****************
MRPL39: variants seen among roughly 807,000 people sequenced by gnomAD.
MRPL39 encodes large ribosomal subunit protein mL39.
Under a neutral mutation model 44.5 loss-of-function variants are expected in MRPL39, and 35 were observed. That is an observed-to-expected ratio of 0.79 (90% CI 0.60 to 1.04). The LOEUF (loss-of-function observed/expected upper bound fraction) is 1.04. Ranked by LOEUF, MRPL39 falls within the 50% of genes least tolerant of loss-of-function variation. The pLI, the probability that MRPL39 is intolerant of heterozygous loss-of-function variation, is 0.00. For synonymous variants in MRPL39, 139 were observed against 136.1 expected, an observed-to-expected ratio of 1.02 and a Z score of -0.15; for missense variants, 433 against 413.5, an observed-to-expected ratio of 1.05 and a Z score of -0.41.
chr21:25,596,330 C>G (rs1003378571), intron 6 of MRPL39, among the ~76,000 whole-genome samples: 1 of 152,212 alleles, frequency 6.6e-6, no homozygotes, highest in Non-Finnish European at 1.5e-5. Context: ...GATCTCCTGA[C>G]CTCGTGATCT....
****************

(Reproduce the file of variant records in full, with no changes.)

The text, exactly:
MRPL39: variants seen among roughly 807,000 people sequenced by gnomAD.
MRPL39 encodes large ribosomal subunit protein mL39.
Under a neutral mutation model 44.5 loss-of-function variants are expected in MRPL39, and 35 were observed. That is an observed-to-expected ratio of 0.79 (90% CI 0.60 to 1.04). The LOEUF (loss-of-function observed/expected upper bound fraction) is 1.04. Ranked by LOEUF, MRPL39 falls within the 50% of genes least tolerant of loss-of-function variation. The pLI, the probability that MRPL39 is intolerant of heterozygous loss-of-function variation, is 0.00. For synonymous variants in MRPL39, 139 were observed against 136.1 expected, an observed-to-expected ratio of 1.02 and a Z score of -0.15; for missense variants, 433 against 413.5, an observed-to-expected ratio of 1.05 and a Z score of -0.41.
chr21:25,596,330 C>G (rs1003378571), intron 6 of MRPL39, among the ~76,000 whole-genome samples: 1 of 152,212 alleles, frequency 6.6e-6, no homozygotes, highest in Non-Finnish European at 1.5e-5. Context: ...GATCTCCTGA[C>G]CTCGTGATCT....